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Social Work Archives

The Social Work Archives is a collaborative venture of the Sophia Smith Collection, the Smith College Archives, and the Smith College School for Social Work. It’s purpose is to collect, preserve, and provide access to archival, oral history, and related print materials documenting the history of clinical social work with emphasis on developments of national significance and on the growth of social work studies at Smith College.

Selected Holdings

Carel Bailey Germain Papers (15 linear feet, 1922-1998)
Germain practiced in San Francisco until the birth of twin daughters, and later earned her MSW and DSW from Columbia University and taught at the University of Maryland, Columbia University, and the University of Connecticut. She brought an ecological perspective to social work theory and practice. Her most influential book, The Life Model of Social Work Practice (1980), co-authored with Alex Gitterman, urged clinicians to address not only a client's individual psychological adjustment, but also to give more consideration to the ways that environmental structures and systemic factors may contribute to a client's difficulties. Smith College awarded Carel Germain an honorary doctorate of humane letters in 1993. View finding aid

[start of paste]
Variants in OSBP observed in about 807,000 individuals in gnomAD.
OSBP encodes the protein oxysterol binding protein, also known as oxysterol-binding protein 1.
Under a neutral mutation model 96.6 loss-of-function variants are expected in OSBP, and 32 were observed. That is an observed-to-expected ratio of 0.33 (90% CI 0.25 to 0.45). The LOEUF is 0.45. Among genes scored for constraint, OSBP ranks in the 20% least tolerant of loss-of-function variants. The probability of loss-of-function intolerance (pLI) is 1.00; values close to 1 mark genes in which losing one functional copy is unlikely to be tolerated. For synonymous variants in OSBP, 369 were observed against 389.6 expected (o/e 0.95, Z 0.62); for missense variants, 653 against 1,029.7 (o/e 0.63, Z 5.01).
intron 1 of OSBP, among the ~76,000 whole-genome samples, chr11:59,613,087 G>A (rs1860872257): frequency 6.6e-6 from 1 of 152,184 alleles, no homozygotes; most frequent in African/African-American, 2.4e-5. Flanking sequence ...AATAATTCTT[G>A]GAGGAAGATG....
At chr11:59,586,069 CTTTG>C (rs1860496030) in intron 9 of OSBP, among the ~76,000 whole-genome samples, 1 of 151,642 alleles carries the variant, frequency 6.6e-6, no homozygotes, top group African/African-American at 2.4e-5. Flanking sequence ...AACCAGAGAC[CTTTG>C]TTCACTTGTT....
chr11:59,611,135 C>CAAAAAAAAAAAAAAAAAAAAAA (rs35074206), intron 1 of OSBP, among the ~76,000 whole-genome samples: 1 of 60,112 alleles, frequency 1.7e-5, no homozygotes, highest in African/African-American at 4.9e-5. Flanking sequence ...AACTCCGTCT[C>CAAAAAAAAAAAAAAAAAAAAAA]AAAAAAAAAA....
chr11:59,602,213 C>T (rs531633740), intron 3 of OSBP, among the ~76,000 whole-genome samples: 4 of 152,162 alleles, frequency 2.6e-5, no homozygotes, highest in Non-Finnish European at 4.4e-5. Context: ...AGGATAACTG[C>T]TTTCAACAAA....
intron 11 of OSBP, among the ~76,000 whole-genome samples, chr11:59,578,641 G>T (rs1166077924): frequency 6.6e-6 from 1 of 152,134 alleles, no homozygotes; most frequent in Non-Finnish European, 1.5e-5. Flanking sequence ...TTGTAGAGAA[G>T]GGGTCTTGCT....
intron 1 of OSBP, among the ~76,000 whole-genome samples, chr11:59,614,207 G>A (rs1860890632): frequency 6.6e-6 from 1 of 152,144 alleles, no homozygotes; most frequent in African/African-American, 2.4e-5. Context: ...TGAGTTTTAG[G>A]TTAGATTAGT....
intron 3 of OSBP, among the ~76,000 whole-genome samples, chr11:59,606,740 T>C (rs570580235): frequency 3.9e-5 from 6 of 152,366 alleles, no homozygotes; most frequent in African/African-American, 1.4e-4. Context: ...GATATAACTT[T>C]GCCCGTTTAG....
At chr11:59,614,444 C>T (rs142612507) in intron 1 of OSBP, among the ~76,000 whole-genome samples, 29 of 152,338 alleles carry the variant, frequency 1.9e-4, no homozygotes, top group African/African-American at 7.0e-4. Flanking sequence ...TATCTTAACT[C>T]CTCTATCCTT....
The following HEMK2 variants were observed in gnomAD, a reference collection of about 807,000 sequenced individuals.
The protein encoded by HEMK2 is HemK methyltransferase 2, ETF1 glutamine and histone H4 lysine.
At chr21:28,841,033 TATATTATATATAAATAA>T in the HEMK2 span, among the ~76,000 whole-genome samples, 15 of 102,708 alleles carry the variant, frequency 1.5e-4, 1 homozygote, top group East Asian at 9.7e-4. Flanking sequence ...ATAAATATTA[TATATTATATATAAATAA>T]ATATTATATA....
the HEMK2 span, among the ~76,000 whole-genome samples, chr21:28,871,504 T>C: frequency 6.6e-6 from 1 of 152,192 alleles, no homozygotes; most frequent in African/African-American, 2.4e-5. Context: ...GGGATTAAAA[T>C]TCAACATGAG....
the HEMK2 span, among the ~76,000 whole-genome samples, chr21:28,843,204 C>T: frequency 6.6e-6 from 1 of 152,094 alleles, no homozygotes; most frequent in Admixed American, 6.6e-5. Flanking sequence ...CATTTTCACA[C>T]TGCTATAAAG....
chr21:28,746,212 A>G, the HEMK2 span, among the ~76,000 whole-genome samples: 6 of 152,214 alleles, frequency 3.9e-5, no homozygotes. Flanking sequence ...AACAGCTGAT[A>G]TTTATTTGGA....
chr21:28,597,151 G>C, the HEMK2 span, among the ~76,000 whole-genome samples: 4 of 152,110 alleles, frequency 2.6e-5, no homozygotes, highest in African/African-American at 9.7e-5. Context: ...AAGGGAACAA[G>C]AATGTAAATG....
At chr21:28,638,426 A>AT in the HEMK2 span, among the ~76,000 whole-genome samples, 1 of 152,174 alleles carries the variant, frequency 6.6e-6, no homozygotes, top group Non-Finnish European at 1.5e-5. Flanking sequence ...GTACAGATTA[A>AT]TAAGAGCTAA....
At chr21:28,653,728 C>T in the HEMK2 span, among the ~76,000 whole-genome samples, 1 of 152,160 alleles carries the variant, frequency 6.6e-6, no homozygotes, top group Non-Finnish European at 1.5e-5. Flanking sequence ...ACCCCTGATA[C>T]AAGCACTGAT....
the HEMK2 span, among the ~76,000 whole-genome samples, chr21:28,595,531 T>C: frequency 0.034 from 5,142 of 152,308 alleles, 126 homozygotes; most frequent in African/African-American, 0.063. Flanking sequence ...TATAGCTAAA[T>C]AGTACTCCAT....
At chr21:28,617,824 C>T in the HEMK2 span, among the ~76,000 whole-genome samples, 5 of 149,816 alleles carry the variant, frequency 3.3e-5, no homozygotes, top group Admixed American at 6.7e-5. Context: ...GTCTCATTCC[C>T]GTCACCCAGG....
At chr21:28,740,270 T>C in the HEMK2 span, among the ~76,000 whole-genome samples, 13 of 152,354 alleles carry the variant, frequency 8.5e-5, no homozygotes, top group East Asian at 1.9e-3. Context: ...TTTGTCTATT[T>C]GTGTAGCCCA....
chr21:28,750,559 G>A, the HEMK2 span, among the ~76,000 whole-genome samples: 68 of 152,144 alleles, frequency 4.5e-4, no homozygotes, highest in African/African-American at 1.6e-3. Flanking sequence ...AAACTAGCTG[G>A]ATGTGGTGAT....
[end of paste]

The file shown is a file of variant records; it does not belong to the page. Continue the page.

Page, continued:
Mary Cromwell Jarrett Papers (3 linear feet, 1900-1961)